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Comparatively Speaking: Temporary vs. Permanent Hair Color Systems
By: Anthony J. O'Lenick Jr., Siltech LLC, and Nick Morante, Nick Morante Cosmetic Consulting
Posted: July 10, 2012
Hair is composed mainly of the protein keratin; the same protein found in skin and nails. The natural color of hair depends on the ratio and quantities of two other proteins, eumelanin and phaeomelanin. Eumelanin is responsible for brown to black hair shades. Phaeomelanin is responsible for golden blond, ginger and red colors. The absence of either type of melanin produces white or gray hair.
People have been coloring their hair for thousands of years using plants, minerals and other natural materials. Some natural coloring agents contain pigments, i.e., henna, black walnut shells and iron oxide minerals, while some contain natural bleaching agents, lightening agents or materials that react for color change such as vinegar or lawsone (found in henna).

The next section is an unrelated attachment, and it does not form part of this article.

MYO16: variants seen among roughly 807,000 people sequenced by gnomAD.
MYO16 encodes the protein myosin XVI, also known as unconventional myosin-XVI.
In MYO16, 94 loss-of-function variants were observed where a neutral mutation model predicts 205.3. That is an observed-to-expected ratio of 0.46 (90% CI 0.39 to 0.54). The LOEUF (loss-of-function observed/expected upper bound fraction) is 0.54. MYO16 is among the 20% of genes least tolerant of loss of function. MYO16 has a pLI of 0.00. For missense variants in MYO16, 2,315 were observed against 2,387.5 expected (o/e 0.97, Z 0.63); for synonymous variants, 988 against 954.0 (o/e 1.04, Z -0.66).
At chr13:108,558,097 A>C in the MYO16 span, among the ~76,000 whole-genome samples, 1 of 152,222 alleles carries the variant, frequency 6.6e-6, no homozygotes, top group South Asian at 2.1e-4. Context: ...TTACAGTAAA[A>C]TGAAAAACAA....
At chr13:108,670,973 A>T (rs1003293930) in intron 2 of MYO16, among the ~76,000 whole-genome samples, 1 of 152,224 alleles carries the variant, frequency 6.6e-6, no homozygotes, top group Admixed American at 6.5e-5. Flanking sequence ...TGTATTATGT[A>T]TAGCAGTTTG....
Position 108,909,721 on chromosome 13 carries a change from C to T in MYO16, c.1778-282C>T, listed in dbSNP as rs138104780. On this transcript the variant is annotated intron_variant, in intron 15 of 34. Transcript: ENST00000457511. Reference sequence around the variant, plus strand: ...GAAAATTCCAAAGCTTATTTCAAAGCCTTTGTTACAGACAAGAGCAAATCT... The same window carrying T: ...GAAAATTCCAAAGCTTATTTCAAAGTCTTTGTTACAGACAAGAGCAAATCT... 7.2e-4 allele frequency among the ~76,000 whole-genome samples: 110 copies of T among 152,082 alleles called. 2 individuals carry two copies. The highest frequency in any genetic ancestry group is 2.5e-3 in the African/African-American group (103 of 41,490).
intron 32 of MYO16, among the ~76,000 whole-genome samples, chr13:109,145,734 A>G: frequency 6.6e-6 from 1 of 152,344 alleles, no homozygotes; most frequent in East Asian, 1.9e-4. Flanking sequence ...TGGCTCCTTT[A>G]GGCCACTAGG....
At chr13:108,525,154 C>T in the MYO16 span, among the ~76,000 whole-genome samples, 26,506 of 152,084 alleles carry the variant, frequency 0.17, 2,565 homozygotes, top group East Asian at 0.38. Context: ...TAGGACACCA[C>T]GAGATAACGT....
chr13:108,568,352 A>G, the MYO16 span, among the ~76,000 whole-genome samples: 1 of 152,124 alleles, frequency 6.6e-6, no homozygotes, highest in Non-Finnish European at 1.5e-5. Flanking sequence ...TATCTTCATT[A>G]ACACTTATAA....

Natural pigments generally work by coating the hair shaft with color. Some natural colorants last through several shampoos cycles but are not necessarily safer or more gentle than today’s modern formulations. It is difficult to get consistent results using natural hair colorants, and some people may be sensitized or allergic to natural ingredients.
The difference between temporary and permanent hair coloring systems is the ingredients used in each.
Temporary Hair Color
Temporary or semi-permanent hair coloring agents may deposit acidic (D&C or FD&C) dyes onto the outside of the hair shaft or may consist of small pigment molecules that can slip inside the hair shaft. Most of this color gets washed out after a few washings. This is not as harsh on the hair as permanent hair dyes but care should be taken when using these systems.